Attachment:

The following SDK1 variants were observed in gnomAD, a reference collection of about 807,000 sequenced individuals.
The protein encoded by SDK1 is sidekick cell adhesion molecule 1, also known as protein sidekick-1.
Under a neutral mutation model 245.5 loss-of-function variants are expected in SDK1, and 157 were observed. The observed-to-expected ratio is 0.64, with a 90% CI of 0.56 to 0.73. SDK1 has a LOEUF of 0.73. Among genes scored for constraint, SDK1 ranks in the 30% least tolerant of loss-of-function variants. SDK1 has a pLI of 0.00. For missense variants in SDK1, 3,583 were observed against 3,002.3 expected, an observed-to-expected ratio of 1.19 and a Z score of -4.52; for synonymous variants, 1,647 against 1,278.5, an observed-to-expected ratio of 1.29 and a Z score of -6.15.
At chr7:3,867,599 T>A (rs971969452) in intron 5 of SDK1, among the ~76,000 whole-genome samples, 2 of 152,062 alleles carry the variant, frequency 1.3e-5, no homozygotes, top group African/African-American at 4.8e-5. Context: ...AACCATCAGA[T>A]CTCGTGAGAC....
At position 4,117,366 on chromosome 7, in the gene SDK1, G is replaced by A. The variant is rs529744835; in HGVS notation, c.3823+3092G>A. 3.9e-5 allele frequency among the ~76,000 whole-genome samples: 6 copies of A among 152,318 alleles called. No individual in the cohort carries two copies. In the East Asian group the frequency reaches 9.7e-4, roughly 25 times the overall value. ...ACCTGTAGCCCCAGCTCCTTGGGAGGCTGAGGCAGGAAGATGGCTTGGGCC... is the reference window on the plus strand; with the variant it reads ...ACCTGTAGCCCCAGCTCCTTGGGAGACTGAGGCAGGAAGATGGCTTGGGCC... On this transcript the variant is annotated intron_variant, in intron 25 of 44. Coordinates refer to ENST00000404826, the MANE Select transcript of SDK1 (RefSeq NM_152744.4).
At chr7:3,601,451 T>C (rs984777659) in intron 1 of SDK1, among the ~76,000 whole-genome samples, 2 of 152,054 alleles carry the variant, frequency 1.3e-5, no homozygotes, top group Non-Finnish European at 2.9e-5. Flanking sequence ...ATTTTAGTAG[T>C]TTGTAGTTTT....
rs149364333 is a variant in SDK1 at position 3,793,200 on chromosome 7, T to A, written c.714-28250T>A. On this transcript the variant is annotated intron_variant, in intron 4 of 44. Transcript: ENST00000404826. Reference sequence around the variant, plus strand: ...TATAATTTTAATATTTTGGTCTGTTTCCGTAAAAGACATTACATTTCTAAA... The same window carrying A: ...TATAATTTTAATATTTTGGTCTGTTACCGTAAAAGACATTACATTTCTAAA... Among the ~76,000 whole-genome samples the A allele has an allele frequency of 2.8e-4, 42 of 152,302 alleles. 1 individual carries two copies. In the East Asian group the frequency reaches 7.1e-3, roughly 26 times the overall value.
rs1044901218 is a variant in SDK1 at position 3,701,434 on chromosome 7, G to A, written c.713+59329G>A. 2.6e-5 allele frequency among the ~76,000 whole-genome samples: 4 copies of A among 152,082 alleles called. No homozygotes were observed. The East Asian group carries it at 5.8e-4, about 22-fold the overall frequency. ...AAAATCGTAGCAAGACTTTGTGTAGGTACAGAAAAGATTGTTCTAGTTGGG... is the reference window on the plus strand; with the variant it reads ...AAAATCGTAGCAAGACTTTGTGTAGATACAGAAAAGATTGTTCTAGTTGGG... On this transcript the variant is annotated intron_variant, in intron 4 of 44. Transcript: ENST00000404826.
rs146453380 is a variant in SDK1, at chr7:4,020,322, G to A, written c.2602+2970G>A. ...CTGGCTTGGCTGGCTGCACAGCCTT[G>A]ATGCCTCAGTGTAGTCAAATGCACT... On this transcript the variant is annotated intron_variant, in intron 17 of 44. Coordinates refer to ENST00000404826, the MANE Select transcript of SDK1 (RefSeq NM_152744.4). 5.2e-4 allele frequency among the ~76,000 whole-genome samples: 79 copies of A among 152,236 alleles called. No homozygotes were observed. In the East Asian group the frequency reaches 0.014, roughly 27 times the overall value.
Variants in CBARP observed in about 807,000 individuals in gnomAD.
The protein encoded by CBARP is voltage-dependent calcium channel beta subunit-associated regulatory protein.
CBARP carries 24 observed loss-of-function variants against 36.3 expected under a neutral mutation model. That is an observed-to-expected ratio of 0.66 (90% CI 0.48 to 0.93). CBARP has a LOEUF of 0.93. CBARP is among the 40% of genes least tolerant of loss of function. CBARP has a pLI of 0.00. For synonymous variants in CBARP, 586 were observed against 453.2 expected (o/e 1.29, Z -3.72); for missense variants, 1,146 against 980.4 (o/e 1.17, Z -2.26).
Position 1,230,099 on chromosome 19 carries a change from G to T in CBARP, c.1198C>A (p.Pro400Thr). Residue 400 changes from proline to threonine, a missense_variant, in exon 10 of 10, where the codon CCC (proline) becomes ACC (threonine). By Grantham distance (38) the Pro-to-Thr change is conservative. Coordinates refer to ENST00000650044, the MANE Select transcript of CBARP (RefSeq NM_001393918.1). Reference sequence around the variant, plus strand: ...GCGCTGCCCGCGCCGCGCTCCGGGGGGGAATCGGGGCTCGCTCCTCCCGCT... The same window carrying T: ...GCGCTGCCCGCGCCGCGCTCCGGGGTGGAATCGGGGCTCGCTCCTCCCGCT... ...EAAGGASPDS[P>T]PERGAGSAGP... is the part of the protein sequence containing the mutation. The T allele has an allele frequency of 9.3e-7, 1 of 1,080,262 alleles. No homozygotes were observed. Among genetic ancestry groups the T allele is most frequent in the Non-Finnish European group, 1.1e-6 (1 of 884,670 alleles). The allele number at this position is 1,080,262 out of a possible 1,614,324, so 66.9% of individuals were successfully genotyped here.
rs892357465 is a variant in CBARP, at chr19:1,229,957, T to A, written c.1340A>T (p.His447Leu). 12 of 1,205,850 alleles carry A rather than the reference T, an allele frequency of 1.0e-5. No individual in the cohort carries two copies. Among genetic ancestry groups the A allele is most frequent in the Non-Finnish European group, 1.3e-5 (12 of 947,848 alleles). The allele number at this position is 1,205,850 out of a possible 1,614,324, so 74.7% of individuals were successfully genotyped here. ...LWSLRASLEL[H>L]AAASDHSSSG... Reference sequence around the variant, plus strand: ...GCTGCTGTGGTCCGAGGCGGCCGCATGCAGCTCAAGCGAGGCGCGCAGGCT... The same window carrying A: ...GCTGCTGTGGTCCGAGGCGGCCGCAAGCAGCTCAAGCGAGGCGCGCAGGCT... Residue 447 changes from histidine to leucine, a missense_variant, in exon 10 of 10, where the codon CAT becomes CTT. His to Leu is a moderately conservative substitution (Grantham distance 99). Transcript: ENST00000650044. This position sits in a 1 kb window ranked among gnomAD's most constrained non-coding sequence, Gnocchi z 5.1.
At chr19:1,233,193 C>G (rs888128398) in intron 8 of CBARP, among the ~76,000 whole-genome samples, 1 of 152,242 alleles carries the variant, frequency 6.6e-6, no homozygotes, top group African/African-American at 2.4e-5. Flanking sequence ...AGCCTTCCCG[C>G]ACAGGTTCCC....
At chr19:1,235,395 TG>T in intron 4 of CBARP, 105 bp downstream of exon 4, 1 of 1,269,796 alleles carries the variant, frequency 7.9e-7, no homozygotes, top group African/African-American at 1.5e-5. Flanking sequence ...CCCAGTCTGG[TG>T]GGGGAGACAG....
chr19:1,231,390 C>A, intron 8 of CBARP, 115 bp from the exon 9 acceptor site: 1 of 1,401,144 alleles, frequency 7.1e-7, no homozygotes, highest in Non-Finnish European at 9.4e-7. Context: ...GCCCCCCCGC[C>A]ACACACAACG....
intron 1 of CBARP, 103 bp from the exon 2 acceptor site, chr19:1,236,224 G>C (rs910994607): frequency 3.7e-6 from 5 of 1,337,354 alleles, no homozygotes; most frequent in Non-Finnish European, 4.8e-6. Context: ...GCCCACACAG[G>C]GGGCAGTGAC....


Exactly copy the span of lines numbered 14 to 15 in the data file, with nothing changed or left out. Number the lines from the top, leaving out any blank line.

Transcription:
rs892357465 is a variant in CBARP, at chr19:1,229,957, T to A, written c.1340A>T (p.His447Leu). 12 of 1,205,850 alleles carry A rather than the reference T, an allele frequency of 1.0e-5. No individual in the cohort carries two copies. Among genetic ancestry groups the A allele is most frequent in the Non-Finnish European group, 1.3e-5 (12 of 947,848 alleles). The allele number at this position is 1,205,850 out of a possible 1,614,324, so 74.7% of individuals were successfully genotyped here. ...LWSLRASLEL[H>L]AAASDHSSSG... Reference sequence around the variant, plus strand: ...GCTGCTGTGGTCCGAGGCGGCCGCATGCAGCTCAAGCGAGGCGCGCAGGCT... The same window carrying A: ...GCTGCTGTGGTCCGAGGCGGCCGCAAGCAGCTCAAGCGAGGCGCGCAGGCT... Residue 447 changes from histidine to leucine, a missense_variant, in exon 10 of 10, where the codon CAT becomes CTT. His to Leu is a moderately conservative substitution (Grantham distance 99). Transcript: ENST00000650044. This position sits in a 1 kb window ranked among gnomAD's most constrained non-coding sequence, Gnocchi z 5.1.
At chr19:1,233,193 C>G (rs888128398) in intron 8 of CBARP, among the ~76,000 whole-genome samples, 1 of 152,242 alleles carries the variant, frequency 6.6e-6, no homozygotes, top group African/African-American at 2.4e-5. Flanking sequence ...AGCCTTCCCG[C>G]ACAGGTTCCC....